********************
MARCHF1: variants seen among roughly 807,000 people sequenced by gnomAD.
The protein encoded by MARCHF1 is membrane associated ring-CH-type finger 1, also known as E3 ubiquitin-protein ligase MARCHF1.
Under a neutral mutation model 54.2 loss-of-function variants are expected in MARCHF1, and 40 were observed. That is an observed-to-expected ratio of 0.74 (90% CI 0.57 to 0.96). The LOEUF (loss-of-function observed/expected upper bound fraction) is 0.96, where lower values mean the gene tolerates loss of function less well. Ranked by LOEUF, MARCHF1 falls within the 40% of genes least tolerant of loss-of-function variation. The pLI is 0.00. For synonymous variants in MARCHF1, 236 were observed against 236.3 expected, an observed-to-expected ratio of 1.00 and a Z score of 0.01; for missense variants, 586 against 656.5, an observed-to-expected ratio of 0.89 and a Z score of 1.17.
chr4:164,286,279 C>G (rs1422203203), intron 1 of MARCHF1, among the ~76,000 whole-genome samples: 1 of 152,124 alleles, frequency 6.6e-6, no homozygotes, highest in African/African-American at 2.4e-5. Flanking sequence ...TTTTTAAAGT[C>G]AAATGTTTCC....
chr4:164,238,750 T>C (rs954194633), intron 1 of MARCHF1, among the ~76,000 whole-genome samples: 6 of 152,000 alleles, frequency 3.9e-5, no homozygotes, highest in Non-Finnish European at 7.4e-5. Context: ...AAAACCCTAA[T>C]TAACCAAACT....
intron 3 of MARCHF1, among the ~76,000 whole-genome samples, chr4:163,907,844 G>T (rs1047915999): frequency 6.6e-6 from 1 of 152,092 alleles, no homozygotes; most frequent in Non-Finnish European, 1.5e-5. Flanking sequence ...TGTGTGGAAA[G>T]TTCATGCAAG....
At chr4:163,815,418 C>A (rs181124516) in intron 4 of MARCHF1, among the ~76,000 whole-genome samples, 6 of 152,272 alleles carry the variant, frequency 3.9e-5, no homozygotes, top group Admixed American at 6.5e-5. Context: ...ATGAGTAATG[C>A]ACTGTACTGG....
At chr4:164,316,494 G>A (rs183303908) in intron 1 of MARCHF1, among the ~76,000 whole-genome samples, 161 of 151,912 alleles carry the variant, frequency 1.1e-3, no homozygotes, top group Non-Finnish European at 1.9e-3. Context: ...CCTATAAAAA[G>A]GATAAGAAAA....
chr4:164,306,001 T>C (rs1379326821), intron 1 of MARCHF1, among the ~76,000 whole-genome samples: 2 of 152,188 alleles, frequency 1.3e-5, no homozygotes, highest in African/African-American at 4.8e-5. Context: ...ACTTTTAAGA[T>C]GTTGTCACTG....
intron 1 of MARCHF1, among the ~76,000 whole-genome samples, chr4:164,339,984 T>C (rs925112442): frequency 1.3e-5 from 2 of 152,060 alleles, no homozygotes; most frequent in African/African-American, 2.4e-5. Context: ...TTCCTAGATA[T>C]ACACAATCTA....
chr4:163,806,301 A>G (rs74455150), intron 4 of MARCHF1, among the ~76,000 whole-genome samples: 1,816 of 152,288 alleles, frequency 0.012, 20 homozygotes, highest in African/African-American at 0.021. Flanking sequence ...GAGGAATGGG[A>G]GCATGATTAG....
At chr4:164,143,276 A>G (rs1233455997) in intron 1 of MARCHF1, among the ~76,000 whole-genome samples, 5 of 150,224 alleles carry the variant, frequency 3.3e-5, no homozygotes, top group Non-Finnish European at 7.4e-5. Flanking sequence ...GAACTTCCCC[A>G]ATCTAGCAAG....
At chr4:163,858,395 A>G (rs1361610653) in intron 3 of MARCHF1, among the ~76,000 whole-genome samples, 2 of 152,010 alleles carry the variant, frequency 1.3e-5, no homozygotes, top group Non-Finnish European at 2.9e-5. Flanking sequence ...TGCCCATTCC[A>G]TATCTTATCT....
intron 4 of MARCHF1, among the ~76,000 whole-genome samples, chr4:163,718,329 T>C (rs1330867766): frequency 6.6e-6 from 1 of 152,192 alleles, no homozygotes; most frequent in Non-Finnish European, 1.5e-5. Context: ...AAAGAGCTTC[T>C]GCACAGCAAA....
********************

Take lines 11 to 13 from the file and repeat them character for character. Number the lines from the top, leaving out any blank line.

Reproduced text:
chr4:163,806,301 A>G (rs74455150), intron 4 of MARCHF1, among the ~76,000 whole-genome samples: 1,816 of 152,288 alleles, frequency 0.012, 20 homozygotes, highest in African/African-American at 0.021. Flanking sequence ...GAGGAATGGG[A>G]GCATGATTAG....
At chr4:164,143,276 A>G (rs1233455997) in intron 1 of MARCHF1, among the ~76,000 whole-genome samples, 5 of 150,224 alleles carry the variant, frequency 3.3e-5, no homozygotes, top group Non-Finnish European at 7.4e-5. Flanking sequence ...GAACTTCCCC[A>G]ATCTAGCAAG....
At chr4:163,858,395 A>G (rs1361610653) in intron 3 of MARCHF1, among the ~76,000 whole-genome samples, 2 of 152,010 alleles carry the variant, frequency 1.3e-5, no homozygotes, top group Non-Finnish European at 2.9e-5. Flanking sequence ...TGCCCATTCC[A>G]TATCTTATCT....